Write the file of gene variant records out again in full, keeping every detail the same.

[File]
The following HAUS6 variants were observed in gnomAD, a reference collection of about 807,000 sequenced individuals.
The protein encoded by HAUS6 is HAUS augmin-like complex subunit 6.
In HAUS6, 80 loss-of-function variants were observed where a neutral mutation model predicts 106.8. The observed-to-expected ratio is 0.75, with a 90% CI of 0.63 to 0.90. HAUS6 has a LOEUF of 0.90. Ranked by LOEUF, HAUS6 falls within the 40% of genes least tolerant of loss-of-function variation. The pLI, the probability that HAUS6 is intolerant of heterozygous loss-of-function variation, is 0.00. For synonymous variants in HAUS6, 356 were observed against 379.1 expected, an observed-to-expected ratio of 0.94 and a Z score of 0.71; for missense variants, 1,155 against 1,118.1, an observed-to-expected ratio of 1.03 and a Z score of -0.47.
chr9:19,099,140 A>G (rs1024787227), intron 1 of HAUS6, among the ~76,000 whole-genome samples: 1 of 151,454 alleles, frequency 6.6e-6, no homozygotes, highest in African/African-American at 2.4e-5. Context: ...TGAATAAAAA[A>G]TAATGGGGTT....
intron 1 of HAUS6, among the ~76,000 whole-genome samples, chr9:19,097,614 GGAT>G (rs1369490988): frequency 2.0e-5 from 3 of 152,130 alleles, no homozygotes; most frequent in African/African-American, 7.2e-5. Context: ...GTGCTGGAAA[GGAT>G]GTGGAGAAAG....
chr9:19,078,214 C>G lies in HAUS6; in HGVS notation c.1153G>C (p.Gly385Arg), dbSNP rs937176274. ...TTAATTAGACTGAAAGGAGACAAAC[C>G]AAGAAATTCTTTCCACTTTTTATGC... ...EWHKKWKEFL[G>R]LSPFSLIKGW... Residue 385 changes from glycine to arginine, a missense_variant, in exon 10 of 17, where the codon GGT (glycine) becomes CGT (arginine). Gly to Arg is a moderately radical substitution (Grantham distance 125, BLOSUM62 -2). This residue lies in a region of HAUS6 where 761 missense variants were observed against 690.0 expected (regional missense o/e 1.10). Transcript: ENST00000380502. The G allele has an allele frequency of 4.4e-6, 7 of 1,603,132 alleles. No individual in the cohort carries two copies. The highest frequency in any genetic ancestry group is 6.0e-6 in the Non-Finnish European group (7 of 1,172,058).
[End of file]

The following HAUS6 variants were observed in gnomAD, a reference collection of about 807,000 sequenced individuals.
The protein encoded by HAUS6 is HAUS augmin-like complex subunit 6.
In HAUS6, 80 loss-of-function variants were observed where a neutral mutation model predicts 106.8. The observed-to-expected ratio is 0.75, with a 90% CI of 0.63 to 0.90. HAUS6 has a LOEUF of 0.90. Ranked by LOEUF, HAUS6 falls within the 40% of genes least tolerant of loss-of-function variation. The pLI, the probability that HAUS6 is intolerant of heterozygous loss-of-function variation, is 0.00. For synonymous variants in HAUS6, 356 were observed against 379.1 expected, an observed-to-expected ratio of 0.94 and a Z score of 0.71; for missense variants, 1,155 against 1,118.1, an observed-to-expected ratio of 1.03 and a Z score of -0.47.
chr9:19,099,140 A>G (rs1024787227), intron 1 of HAUS6, among the ~76,000 whole-genome samples: 1 of 151,454 alleles, frequency 6.6e-6, no homozygotes, highest in African/African-American at 2.4e-5. Context: ...TGAATAAAAA[A>G]TAATGGGGTT....
intron 1 of HAUS6, among the ~76,000 whole-genome samples, chr9:19,097,614 GGAT>G (rs1369490988): frequency 2.0e-5 from 3 of 152,130 alleles, no homozygotes; most frequent in African/African-American, 7.2e-5. Context: ...GTGCTGGAAA[GGAT>G]GTGGAGAAAG....
chr9:19,078,214 C>G lies in HAUS6; in HGVS notation c.1153G>C (p.Gly385Arg), dbSNP rs937176274. ...TTAATTAGACTGAAAGGAGACAAAC[C>G]AAGAAATTCTTTCCACTTTTTATGC... ...EWHKKWKEFL[G>R]LSPFSLIKGW... Residue 385 changes from glycine to arginine, a missense_variant, in exon 10 of 17, where the codon GGT (glycine) becomes CGT (arginine). Gly to Arg is a moderately radical substitution (Grantham distance 125, BLOSUM62 -2). This residue lies in a region of HAUS6 where 761 missense variants were observed against 690.0 expected (regional missense o/e 1.10). Transcript: ENST00000380502. The G allele has an allele frequency of 4.4e-6, 7 of 1,603,132 alleles. No individual in the cohort carries two copies. The highest frequency in any genetic ancestry group is 6.0e-6 in the Non-Finnish European group (7 of 1,172,058).